Cultivating Intimacy Requires Hard Work, "Communication in Marriage". Part 3
By Norman & Ann Bales Of All About Families
Intimacy involves many different levels of relationship. The components of intimacy include, closeness, shared experiences, bonding, warmth and affection, openness, honesty. Perhaps friendship may be the best synonym.
The American family system is built on intimacy. In his book, Family Ministry, Charles Sell wrote,
"The American family system is built upon the affection between the sexes. Americans expect the male-female relationship to be the most important source of emotional satisfaction and support. This does suggest that they achieve intimacy; the point is that they value it." (p. 38)
Intimacy is a need that all people have. This need is not necessarily sexual, although sexual intimacy is indeed a form of intimacy, which is legitimately fulfilled only in the husband-wife relationship (Hebrews 13:4). We may have intimacy with people other than our spouses, but not sexual intimacy. As a matter of fact it is important to be able to build and sustain friendships with other people in order to know how we can best establish intimacy in our marriages. "People with no friends usually have a diminished capacity for sustaining any kind of love. They tend to go through a succession of marriages, to be estranged from various family members, and have trouble getting along at work. On the other hand, those who learn how to love their friends tend to make long and fulfilling marriages, get along well with people at work, and enjoy their children." (Alan Loy McGinnis. The Friendship Factor. p. 9.)
McGinnis illustrated intimacy is his story of the friendship between Jack Benny and George Burns. In their comedy routines, Jack Benny always wanted to play the violin, but played it so poorly no one wanted to listen. George Burns wanted to sing, but couldn't carry a tune. When Benny died, Burns said, "Jack and I had a wonderful friendship for nearly 55 years. Jack never walked out on me when I sang a song and I never walked out on him when he played the violin. We laughed together, we played together, we worked together, we ate together. I suppose that for many of those years we talked every single day." We need to work for that kind of intimacy in our marriages.
EVERY BODY WANTS INTIMACY (EVEN GUYS)
"Friendship is the model for all intimate encounters. The basic ingredients for a good marriage, according to sociologist Andrew Greeley, are friendship, plus sex." (McGinnis. p. 9) Testimony of the Scriptures regarding intimacy (Genesis 2:24-25; Luke 15:20; Romans 12:10;Galatians 5:22; Colossians 2:12 Colossians 3:12,19; Titus 2:4; Hebrews 13:1.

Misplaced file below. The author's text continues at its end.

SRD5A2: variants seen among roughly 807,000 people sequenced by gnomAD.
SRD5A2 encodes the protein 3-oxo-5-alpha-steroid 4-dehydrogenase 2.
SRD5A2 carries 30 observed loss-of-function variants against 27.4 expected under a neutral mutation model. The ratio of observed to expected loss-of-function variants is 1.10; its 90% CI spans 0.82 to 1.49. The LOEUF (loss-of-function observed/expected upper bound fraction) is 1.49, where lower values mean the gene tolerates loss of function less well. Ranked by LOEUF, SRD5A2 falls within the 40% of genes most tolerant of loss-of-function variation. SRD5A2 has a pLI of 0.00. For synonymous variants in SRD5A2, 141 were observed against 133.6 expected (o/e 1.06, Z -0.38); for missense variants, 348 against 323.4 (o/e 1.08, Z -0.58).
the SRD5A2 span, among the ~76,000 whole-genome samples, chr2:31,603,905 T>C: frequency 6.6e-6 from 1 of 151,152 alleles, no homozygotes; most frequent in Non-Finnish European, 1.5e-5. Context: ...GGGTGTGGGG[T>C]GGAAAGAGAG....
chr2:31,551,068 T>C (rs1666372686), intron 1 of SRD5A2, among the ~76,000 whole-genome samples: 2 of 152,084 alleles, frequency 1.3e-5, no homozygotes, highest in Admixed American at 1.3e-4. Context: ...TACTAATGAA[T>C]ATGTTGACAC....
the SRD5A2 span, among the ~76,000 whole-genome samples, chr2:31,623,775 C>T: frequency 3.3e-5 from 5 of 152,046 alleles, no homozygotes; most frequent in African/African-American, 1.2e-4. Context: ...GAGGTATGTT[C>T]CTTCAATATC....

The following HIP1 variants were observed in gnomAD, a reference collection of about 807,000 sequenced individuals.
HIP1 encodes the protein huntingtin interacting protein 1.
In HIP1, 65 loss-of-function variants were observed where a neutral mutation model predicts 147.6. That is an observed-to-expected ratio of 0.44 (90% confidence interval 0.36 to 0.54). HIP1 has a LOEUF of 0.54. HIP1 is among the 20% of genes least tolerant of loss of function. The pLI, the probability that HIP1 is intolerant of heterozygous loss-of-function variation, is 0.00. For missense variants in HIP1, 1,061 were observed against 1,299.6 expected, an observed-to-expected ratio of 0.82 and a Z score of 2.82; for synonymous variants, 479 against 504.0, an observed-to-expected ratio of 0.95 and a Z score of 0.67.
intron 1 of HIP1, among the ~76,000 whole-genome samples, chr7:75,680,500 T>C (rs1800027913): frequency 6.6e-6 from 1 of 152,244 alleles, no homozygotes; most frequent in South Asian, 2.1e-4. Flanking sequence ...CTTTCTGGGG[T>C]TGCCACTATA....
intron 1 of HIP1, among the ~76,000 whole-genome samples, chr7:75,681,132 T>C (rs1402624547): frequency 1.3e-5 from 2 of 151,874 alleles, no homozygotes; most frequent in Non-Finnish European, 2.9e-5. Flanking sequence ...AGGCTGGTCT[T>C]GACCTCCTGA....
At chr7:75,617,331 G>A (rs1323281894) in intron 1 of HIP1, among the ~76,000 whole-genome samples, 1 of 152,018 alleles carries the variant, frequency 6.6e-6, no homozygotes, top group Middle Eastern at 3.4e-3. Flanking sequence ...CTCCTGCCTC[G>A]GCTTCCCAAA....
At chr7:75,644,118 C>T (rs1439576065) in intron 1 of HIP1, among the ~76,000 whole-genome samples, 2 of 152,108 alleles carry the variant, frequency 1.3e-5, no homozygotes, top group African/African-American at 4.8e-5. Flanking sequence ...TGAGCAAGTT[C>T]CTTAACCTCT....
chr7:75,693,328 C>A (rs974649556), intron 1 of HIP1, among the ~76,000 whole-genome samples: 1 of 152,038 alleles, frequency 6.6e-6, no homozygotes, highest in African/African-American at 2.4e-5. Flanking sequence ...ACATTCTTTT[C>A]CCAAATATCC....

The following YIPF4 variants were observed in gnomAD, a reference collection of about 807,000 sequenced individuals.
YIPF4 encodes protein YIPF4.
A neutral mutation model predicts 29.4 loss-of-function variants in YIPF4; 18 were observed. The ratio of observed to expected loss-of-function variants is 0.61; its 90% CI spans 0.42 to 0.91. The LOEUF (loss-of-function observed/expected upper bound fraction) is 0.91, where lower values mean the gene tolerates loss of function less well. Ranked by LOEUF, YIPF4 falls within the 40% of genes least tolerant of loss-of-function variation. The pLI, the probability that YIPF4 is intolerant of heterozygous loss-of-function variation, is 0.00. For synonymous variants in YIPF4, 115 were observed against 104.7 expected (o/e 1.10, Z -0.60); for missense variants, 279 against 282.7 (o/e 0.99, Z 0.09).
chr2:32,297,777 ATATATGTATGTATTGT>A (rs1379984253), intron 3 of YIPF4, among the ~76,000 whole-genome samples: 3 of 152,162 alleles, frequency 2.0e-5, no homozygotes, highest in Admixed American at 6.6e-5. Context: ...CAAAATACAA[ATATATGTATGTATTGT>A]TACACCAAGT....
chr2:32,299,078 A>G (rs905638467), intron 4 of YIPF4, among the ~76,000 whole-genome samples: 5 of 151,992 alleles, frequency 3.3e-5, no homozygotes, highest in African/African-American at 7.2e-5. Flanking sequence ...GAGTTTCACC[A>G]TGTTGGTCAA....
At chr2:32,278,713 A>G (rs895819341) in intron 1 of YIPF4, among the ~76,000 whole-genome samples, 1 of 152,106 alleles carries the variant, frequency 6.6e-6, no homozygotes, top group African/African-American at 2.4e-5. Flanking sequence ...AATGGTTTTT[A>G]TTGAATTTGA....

The scriptures also testify to the importance of intimacy. When God instituted marriage he said,
"For this reason a man will leave his father and mother and be united to his wife, and they will become one flesh." (Genesis 2:24).
Intimacy is evident in the story of the prodigal son. The two estranged men reunited with warmth, touch and affection, "But while he was still a long way off, his father saw him and was filled with compassion for him; he ran to his son, threw his arms around him and kissed him." (Luke 15:20).
Throughout the New Testament letters, Christians are encouraged to develop close, caring, considerate relationships with one another.
"Therefore, as God's chosen people, holy and dearly loved, clothe yourselves with compassion, kindness, humility, gentleness and patience."
"Husbands, love your wives and do not be harsh with them."
"Keep on loving each other as brothers."
But what about the guys? Numerous Biblical examples suggest intimacy between men. When the elders of the church in Ephesus realized they would never see Paul again, "They all wept as they embraced him and kissed him" (Acts 20:37). That sounds strange to those of us who have been reared in American culture. It does not sound so strange to men who live in other cultures. We like to portray ourselves as tough guys who can get by just fine without affection and warmth, but the truth is we need intimacy just like everyone else. If a man denies his need for intimacy when he is with his wife, he makes a poor choice.
WHY DO WE CHOOSE TO GET MARRIED?
Back in 1955, Paul H. Landis wrote a book titled Making the Most of Marriage. He said,